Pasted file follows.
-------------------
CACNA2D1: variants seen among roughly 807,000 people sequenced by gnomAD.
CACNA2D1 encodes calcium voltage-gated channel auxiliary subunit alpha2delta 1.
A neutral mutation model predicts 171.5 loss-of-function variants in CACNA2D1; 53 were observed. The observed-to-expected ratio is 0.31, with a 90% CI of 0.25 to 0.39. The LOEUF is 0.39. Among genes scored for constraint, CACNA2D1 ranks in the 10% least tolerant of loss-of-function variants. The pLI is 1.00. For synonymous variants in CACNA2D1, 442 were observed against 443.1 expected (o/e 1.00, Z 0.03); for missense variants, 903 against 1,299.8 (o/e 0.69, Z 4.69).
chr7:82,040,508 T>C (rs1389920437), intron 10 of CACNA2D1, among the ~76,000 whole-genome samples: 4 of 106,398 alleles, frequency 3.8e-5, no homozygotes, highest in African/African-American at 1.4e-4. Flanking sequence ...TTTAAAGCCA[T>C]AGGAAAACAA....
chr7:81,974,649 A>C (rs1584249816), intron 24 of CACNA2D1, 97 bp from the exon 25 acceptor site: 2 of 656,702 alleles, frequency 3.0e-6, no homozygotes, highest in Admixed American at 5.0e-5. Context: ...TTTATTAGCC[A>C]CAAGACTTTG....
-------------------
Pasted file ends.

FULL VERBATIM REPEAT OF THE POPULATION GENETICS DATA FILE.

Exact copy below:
CACNA2D1: variants seen among roughly 807,000 people sequenced by gnomAD.
CACNA2D1 encodes calcium voltage-gated channel auxiliary subunit alpha2delta 1.
A neutral mutation model predicts 171.5 loss-of-function variants in CACNA2D1; 53 were observed. The observed-to-expected ratio is 0.31, with a 90% CI of 0.25 to 0.39. The LOEUF is 0.39. Among genes scored for constraint, CACNA2D1 ranks in the 10% least tolerant of loss-of-function variants. The pLI is 1.00. For synonymous variants in CACNA2D1, 442 were observed against 443.1 expected (o/e 1.00, Z 0.03); for missense variants, 903 against 1,299.8 (o/e 0.69, Z 4.69).
chr7:82,040,508 T>C (rs1389920437), intron 10 of CACNA2D1, among the ~76,000 whole-genome samples: 4 of 106,398 alleles, frequency 3.8e-5, no homozygotes, highest in African/African-American at 1.4e-4. Flanking sequence ...TTTAAAGCCA[T>C]AGGAAAACAA....
chr7:81,974,649 A>C (rs1584249816), intron 24 of CACNA2D1, 97 bp from the exon 25 acceptor site: 2 of 656,702 alleles, frequency 3.0e-6, no homozygotes, highest in Admixed American at 5.0e-5. Context: ...TTTATTAGCC[A>C]CAAGACTTTG....